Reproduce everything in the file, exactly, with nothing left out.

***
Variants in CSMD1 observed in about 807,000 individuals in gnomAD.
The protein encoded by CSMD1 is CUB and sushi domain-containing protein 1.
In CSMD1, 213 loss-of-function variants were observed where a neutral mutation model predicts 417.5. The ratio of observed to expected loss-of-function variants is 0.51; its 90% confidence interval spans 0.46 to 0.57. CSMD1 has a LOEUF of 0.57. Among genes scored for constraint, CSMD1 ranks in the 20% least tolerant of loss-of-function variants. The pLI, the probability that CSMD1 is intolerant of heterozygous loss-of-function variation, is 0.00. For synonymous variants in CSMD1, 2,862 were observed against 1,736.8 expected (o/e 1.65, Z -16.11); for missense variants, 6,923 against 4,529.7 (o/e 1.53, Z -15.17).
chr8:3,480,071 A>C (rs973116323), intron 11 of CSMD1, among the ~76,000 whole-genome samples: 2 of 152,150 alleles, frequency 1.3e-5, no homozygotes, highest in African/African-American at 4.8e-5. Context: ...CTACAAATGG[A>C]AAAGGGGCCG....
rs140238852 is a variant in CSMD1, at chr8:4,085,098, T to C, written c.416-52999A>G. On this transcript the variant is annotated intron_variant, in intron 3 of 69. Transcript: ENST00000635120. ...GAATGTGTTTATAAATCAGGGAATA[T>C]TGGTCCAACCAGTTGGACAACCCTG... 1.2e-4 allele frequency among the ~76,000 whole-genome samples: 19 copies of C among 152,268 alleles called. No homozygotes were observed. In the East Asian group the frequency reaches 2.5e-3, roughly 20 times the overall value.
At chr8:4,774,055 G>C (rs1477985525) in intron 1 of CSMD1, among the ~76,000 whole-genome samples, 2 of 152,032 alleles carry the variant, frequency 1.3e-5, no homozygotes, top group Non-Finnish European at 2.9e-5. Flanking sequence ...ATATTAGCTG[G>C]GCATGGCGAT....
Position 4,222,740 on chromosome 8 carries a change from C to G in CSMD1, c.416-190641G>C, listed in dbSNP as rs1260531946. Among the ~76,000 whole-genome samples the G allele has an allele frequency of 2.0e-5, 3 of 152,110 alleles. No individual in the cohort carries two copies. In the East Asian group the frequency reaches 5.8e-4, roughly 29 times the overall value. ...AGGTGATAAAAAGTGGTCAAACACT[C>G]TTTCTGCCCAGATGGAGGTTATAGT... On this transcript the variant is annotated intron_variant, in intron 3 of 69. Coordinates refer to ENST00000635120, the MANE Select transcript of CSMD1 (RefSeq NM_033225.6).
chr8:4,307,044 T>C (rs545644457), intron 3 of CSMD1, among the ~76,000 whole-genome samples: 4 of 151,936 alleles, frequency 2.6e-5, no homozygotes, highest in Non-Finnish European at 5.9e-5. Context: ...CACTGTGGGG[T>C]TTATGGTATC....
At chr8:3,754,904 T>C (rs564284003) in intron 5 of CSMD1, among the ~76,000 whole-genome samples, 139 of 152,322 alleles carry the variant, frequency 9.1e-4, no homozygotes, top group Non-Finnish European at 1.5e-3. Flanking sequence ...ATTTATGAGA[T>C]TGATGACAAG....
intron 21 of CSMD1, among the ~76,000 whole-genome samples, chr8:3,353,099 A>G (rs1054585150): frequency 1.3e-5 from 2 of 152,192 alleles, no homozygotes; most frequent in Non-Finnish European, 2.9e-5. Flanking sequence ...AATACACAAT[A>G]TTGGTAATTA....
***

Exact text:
Variants in CSMD1 observed in about 807,000 individuals in gnomAD.
The protein encoded by CSMD1 is CUB and sushi domain-containing protein 1.
In CSMD1, 213 loss-of-function variants were observed where a neutral mutation model predicts 417.5. The ratio of observed to expected loss-of-function variants is 0.51; its 90% confidence interval spans 0.46 to 0.57. CSMD1 has a LOEUF of 0.57. Among genes scored for constraint, CSMD1 ranks in the 20% least tolerant of loss-of-function variants. The pLI, the probability that CSMD1 is intolerant of heterozygous loss-of-function variation, is 0.00. For synonymous variants in CSMD1, 2,862 were observed against 1,736.8 expected (o/e 1.65, Z -16.11); for missense variants, 6,923 against 4,529.7 (o/e 1.53, Z -15.17).
chr8:3,480,071 A>C (rs973116323), intron 11 of CSMD1, among the ~76,000 whole-genome samples: 2 of 152,150 alleles, frequency 1.3e-5, no homozygotes, highest in African/African-American at 4.8e-5. Context: ...CTACAAATGG[A>C]AAAGGGGCCG....
rs140238852 is a variant in CSMD1, at chr8:4,085,098, T to C, written c.416-52999A>G. On this transcript the variant is annotated intron_variant, in intron 3 of 69. Transcript: ENST00000635120. ...GAATGTGTTTATAAATCAGGGAATA[T>C]TGGTCCAACCAGTTGGACAACCCTG... 1.2e-4 allele frequency among the ~76,000 whole-genome samples: 19 copies of C among 152,268 alleles called. No homozygotes were observed. In the East Asian group the frequency reaches 2.5e-3, roughly 20 times the overall value.
At chr8:4,774,055 G>C (rs1477985525) in intron 1 of CSMD1, among the ~76,000 whole-genome samples, 2 of 152,032 alleles carry the variant, frequency 1.3e-5, no homozygotes, top group Non-Finnish European at 2.9e-5. Flanking sequence ...ATATTAGCTG[G>C]GCATGGCGAT....
Position 4,222,740 on chromosome 8 carries a change from C to G in CSMD1, c.416-190641G>C, listed in dbSNP as rs1260531946. Among the ~76,000 whole-genome samples the G allele has an allele frequency of 2.0e-5, 3 of 152,110 alleles. No individual in the cohort carries two copies. In the East Asian group the frequency reaches 5.8e-4, roughly 29 times the overall value. ...AGGTGATAAAAAGTGGTCAAACACT[C>G]TTTCTGCCCAGATGGAGGTTATAGT... On this transcript the variant is annotated intron_variant, in intron 3 of 69. Coordinates refer to ENST00000635120, the MANE Select transcript of CSMD1 (RefSeq NM_033225.6).
chr8:4,307,044 T>C (rs545644457), intron 3 of CSMD1, among the ~76,000 whole-genome samples: 4 of 151,936 alleles, frequency 2.6e-5, no homozygotes, highest in Non-Finnish European at 5.9e-5. Context: ...CACTGTGGGG[T>C]TTATGGTATC....
At chr8:3,754,904 T>C (rs564284003) in intron 5 of CSMD1, among the ~76,000 whole-genome samples, 139 of 152,322 alleles carry the variant, frequency 9.1e-4, no homozygotes, top group Non-Finnish European at 1.5e-3. Flanking sequence ...ATTTATGAGA[T>C]TGATGACAAG....
intron 21 of CSMD1, among the ~76,000 whole-genome samples, chr8:3,353,099 A>G (rs1054585150): frequency 1.3e-5 from 2 of 152,192 alleles, no homozygotes; most frequent in Non-Finnish European, 2.9e-5. Flanking sequence ...AATACACAAT[A>G]TTGGTAATTA....